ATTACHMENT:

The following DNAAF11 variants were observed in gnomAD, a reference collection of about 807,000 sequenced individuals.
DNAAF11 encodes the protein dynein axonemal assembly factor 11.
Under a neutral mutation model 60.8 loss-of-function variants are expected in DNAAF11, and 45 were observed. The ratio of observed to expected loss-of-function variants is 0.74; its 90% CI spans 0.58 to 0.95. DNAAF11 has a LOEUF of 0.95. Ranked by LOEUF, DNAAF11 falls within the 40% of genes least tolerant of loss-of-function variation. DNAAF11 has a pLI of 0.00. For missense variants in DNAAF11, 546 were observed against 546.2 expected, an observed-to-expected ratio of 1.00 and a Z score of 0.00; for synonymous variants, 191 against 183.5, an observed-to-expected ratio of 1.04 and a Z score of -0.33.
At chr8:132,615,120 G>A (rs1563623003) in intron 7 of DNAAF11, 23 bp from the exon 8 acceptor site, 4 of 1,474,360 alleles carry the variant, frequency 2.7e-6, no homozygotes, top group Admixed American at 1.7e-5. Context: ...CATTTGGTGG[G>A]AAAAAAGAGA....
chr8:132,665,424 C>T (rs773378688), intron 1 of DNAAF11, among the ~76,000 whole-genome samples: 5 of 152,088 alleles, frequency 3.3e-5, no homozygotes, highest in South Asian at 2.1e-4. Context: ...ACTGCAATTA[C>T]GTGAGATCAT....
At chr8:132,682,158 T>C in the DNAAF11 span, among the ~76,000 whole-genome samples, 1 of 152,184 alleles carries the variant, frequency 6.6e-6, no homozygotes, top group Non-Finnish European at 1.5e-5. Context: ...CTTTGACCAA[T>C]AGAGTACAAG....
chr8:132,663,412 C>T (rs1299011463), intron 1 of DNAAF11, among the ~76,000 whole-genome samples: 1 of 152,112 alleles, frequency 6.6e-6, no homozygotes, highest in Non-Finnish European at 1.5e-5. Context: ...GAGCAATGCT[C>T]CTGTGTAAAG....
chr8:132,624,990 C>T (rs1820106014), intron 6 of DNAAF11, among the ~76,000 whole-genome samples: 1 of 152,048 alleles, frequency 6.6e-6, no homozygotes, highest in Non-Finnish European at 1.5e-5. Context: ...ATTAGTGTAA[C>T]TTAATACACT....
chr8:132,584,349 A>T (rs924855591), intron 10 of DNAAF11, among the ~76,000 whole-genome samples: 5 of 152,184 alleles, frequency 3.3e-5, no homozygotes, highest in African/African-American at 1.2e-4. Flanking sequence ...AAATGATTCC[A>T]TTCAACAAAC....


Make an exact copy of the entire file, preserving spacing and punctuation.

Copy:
The following DNAAF11 variants were observed in gnomAD, a reference collection of about 807,000 sequenced individuals.
DNAAF11 encodes the protein dynein axonemal assembly factor 11.
Under a neutral mutation model 60.8 loss-of-function variants are expected in DNAAF11, and 45 were observed. The ratio of observed to expected loss-of-function variants is 0.74; its 90% CI spans 0.58 to 0.95. DNAAF11 has a LOEUF of 0.95. Ranked by LOEUF, DNAAF11 falls within the 40% of genes least tolerant of loss-of-function variation. DNAAF11 has a pLI of 0.00. For missense variants in DNAAF11, 546 were observed against 546.2 expected, an observed-to-expected ratio of 1.00 and a Z score of 0.00; for synonymous variants, 191 against 183.5, an observed-to-expected ratio of 1.04 and a Z score of -0.33.
At chr8:132,615,120 G>A (rs1563623003) in intron 7 of DNAAF11, 23 bp from the exon 8 acceptor site, 4 of 1,474,360 alleles carry the variant, frequency 2.7e-6, no homozygotes, top group Admixed American at 1.7e-5. Context: ...CATTTGGTGG[G>A]AAAAAAGAGA....
chr8:132,665,424 C>T (rs773378688), intron 1 of DNAAF11, among the ~76,000 whole-genome samples: 5 of 152,088 alleles, frequency 3.3e-5, no homozygotes, highest in South Asian at 2.1e-4. Context: ...ACTGCAATTA[C>T]GTGAGATCAT....
At chr8:132,682,158 T>C in the DNAAF11 span, among the ~76,000 whole-genome samples, 1 of 152,184 alleles carries the variant, frequency 6.6e-6, no homozygotes, top group Non-Finnish European at 1.5e-5. Context: ...CTTTGACCAA[T>C]AGAGTACAAG....
chr8:132,663,412 C>T (rs1299011463), intron 1 of DNAAF11, among the ~76,000 whole-genome samples: 1 of 152,112 alleles, frequency 6.6e-6, no homozygotes, highest in Non-Finnish European at 1.5e-5. Context: ...GAGCAATGCT[C>T]CTGTGTAAAG....
chr8:132,624,990 C>T (rs1820106014), intron 6 of DNAAF11, among the ~76,000 whole-genome samples: 1 of 152,048 alleles, frequency 6.6e-6, no homozygotes, highest in Non-Finnish European at 1.5e-5. Context: ...ATTAGTGTAA[C>T]TTAATACACT....
chr8:132,584,349 A>T (rs924855591), intron 10 of DNAAF11, among the ~76,000 whole-genome samples: 5 of 152,184 alleles, frequency 3.3e-5, no homozygotes, highest in African/African-American at 1.2e-4. Flanking sequence ...AAATGATTCC[A>T]TTCAACAAAC....